About gloria

I live and work in Vancouver BC Canada. I've been in the childbirth business for 30 years. I teach midwifery and doula courses both online and in person.
This entry was posted in Postpartum care. Bookmark the permalink.

42 Responses to The Undervalued Therapeutic Power of Rest

  1. Woman, are you reading my LIFE? I’m 10 days pp and EVERYONE has been driving me crazy telling me to rest. But…I HAVE THREE CHILDREN. I have three children and it’s just not even POSSIBLE to spend all day in bed. And…I’m still dealing with on and off again bright red bleeding. I know, I KNOW it’s better to rest. But how, exactly, does that WORK in our society? My husband has to WORK (we are very, very poor, time off isn’t even an option). The only saving grace is that we live with my MIL. But…she’s a Lupus patient, herself. Oh, we’re quite a team! :P

    Anyway, all whining aside, I appreciated this post. It’s so hard for me to validated “letting things slip”. We live in a TINY house. Letting things slip not only makes me crazy, it makes living here impossible for everybody. So I deal with a lot of guilt when I don’t do much. It helps to know this is what I’m SUPPOSED to be doing.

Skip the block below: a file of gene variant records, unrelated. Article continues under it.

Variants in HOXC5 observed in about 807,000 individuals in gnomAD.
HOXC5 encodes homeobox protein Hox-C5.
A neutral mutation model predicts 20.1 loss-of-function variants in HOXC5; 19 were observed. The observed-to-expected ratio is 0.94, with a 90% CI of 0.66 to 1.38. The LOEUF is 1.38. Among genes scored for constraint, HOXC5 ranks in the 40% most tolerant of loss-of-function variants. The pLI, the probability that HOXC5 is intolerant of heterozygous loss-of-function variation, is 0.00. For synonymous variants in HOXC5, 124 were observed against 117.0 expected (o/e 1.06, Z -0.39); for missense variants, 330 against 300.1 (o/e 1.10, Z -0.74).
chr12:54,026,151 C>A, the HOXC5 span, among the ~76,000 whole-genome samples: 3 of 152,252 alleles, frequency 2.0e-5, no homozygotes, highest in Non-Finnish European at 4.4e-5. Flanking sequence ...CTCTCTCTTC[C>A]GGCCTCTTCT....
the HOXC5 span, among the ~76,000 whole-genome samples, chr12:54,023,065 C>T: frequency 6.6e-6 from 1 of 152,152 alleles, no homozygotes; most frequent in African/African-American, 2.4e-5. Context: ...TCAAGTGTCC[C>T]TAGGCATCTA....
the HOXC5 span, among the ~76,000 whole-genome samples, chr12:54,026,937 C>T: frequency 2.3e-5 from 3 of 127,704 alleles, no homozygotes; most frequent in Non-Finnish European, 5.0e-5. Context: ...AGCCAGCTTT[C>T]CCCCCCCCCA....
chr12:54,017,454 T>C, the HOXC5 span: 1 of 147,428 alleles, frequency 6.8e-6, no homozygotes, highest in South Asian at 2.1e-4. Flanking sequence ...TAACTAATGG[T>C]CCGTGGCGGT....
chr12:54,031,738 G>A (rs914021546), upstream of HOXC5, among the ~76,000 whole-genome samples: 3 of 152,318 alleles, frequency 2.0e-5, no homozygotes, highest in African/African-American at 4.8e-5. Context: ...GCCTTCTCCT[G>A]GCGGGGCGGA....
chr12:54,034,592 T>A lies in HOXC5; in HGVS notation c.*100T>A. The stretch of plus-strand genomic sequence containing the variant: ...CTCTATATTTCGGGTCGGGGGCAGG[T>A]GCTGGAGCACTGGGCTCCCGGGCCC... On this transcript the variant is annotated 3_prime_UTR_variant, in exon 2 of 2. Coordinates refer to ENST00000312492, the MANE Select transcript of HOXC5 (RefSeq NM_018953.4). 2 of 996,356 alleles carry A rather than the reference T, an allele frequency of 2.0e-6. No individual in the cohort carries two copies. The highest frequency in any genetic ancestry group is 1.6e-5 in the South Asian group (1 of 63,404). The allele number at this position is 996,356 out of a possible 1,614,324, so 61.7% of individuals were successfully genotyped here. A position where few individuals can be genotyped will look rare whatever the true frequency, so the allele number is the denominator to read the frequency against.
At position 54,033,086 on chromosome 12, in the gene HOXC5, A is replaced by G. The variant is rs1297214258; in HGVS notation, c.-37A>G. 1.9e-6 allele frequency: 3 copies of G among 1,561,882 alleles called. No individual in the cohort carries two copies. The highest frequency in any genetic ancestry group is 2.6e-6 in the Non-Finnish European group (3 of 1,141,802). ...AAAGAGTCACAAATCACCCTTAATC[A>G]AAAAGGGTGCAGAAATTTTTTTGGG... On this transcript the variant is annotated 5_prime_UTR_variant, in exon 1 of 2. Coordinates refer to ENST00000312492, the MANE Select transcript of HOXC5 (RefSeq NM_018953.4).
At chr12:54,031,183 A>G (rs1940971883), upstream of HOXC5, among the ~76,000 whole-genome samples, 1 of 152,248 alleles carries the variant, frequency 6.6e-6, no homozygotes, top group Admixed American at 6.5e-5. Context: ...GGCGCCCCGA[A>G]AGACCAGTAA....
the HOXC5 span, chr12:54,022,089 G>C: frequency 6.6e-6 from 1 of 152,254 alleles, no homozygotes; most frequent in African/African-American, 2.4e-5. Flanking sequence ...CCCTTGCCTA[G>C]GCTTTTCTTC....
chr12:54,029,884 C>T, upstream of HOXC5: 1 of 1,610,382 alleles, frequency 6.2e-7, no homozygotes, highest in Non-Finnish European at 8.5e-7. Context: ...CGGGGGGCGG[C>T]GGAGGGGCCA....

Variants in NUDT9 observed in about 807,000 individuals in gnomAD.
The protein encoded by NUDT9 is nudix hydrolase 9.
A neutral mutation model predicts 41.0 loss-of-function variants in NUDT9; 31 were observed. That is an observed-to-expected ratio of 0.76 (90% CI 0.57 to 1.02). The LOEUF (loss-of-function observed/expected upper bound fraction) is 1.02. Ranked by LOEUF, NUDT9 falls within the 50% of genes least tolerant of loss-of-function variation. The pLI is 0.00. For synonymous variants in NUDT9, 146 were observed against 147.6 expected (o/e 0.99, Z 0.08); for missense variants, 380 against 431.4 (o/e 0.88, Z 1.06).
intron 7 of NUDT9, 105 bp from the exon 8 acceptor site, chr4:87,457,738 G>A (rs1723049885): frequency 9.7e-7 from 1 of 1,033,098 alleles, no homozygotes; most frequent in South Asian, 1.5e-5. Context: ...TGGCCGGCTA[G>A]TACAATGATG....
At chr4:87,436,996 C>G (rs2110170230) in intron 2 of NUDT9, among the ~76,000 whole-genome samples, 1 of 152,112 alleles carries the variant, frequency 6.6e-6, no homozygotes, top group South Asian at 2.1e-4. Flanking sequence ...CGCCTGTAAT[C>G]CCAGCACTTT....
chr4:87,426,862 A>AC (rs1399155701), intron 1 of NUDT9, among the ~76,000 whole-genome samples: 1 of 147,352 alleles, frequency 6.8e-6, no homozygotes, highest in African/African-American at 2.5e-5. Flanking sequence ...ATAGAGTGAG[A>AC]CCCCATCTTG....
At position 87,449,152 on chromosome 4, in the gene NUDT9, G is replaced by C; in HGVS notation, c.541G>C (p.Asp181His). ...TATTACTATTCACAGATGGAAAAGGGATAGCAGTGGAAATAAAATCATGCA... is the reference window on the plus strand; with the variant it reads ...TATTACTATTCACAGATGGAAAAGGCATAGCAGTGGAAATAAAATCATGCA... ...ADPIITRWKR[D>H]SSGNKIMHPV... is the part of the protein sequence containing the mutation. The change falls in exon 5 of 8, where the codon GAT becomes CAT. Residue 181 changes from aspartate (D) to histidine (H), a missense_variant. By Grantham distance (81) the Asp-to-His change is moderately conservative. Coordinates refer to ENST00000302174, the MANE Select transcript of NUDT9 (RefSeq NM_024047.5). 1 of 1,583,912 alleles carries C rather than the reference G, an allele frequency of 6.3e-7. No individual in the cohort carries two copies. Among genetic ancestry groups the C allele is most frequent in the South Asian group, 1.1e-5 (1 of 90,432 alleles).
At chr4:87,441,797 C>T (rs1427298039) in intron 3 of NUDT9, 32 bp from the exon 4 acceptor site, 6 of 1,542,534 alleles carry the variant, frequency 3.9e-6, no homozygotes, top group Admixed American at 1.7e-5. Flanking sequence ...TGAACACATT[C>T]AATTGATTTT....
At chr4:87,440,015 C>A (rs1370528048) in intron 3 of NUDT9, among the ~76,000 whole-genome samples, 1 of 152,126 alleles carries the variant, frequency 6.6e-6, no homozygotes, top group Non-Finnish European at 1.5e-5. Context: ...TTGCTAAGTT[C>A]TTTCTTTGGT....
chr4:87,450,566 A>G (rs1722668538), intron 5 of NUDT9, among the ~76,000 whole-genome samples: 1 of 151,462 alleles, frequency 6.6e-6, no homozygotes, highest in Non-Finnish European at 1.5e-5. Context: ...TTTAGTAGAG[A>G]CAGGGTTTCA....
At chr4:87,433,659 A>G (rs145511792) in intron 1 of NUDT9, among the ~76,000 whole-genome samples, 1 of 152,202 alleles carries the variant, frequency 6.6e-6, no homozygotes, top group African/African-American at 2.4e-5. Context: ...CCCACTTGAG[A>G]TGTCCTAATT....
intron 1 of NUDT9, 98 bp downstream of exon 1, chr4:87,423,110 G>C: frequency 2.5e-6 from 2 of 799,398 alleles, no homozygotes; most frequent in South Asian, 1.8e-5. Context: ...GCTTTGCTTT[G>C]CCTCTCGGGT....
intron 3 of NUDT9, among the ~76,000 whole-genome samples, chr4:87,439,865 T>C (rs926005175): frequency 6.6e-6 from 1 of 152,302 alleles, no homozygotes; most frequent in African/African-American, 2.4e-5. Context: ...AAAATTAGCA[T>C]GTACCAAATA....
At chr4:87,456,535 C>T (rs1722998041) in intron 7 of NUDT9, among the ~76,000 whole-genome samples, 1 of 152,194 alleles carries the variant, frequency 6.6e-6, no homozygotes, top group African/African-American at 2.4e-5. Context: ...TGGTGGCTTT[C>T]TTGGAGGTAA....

• Lisa says:

      My thoughts exactly. I have always thought it an odd and frustrating paradox that birth, by nature, demands so much rest and that our society is not in support of that. Every one of my friends talks about how it would be heaven to just lay in bed with our little ones postpartum, but unless it’s an only child the household would fall apart in that situation! I too battle wanting to stay in my bed and keeping the house in order. Ideally, this is where a mother/grandma/sister/aunt would come in and take over. The “village” would step-up and support the postpartum woman and her baby. My own mother walked into my house, stepped over piles of unfolded laundry, and walked out. No support here. Doesn’t mean we let go of the ideal!